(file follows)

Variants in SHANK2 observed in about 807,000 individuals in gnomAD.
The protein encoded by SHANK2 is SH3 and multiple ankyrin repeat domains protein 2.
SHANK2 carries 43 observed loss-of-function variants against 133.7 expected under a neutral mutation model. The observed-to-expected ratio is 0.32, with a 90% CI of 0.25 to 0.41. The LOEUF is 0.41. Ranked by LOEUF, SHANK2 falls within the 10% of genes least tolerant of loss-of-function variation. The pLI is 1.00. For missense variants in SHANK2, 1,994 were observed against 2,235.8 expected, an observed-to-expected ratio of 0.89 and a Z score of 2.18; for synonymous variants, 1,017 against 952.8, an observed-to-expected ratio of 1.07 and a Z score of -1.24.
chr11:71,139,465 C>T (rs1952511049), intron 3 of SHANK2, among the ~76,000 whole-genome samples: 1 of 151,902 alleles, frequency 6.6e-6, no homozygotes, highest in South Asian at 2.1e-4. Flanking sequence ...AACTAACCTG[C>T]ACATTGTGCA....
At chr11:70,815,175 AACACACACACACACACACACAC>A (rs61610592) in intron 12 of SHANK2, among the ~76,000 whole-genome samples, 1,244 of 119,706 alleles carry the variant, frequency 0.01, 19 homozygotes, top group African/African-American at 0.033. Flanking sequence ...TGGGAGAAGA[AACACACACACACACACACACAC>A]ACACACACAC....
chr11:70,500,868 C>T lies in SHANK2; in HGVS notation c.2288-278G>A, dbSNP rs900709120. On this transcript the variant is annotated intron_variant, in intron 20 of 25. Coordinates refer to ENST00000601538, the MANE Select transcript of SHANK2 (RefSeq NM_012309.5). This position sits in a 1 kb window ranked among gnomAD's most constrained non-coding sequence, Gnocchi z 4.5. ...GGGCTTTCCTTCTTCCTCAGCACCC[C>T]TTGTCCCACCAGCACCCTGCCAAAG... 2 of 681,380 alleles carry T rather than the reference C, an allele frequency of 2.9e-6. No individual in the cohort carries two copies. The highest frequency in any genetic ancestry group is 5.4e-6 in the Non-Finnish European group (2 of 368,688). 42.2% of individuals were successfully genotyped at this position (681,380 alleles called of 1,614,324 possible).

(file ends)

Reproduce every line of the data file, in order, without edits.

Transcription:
Variants in SHANK2 observed in about 807,000 individuals in gnomAD.
The protein encoded by SHANK2 is SH3 and multiple ankyrin repeat domains protein 2.
SHANK2 carries 43 observed loss-of-function variants against 133.7 expected under a neutral mutation model. The observed-to-expected ratio is 0.32, with a 90% CI of 0.25 to 0.41. The LOEUF is 0.41. Ranked by LOEUF, SHANK2 falls within the 10% of genes least tolerant of loss-of-function variation. The pLI is 1.00. For missense variants in SHANK2, 1,994 were observed against 2,235.8 expected, an observed-to-expected ratio of 0.89 and a Z score of 2.18; for synonymous variants, 1,017 against 952.8, an observed-to-expected ratio of 1.07 and a Z score of -1.24.
chr11:71,139,465 C>T (rs1952511049), intron 3 of SHANK2, among the ~76,000 whole-genome samples: 1 of 151,902 alleles, frequency 6.6e-6, no homozygotes, highest in South Asian at 2.1e-4. Flanking sequence ...AACTAACCTG[C>T]ACATTGTGCA....
At chr11:70,815,175 AACACACACACACACACACACAC>A (rs61610592) in intron 12 of SHANK2, among the ~76,000 whole-genome samples, 1,244 of 119,706 alleles carry the variant, frequency 0.01, 19 homozygotes, top group African/African-American at 0.033. Flanking sequence ...TGGGAGAAGA[AACACACACACACACACACACAC>A]ACACACACAC....
chr11:70,500,868 C>T lies in SHANK2; in HGVS notation c.2288-278G>A, dbSNP rs900709120. On this transcript the variant is annotated intron_variant, in intron 20 of 25. Coordinates refer to ENST00000601538, the MANE Select transcript of SHANK2 (RefSeq NM_012309.5). This position sits in a 1 kb window ranked among gnomAD's most constrained non-coding sequence, Gnocchi z 4.5. ...GGGCTTTCCTTCTTCCTCAGCACCC[C>T]TTGTCCCACCAGCACCCTGCCAAAG... 2 of 681,380 alleles carry T rather than the reference C, an allele frequency of 2.9e-6. No individual in the cohort carries two copies. The highest frequency in any genetic ancestry group is 5.4e-6 in the Non-Finnish European group (2 of 368,688). 42.2% of individuals were successfully genotyped at this position (681,380 alleles called of 1,614,324 possible).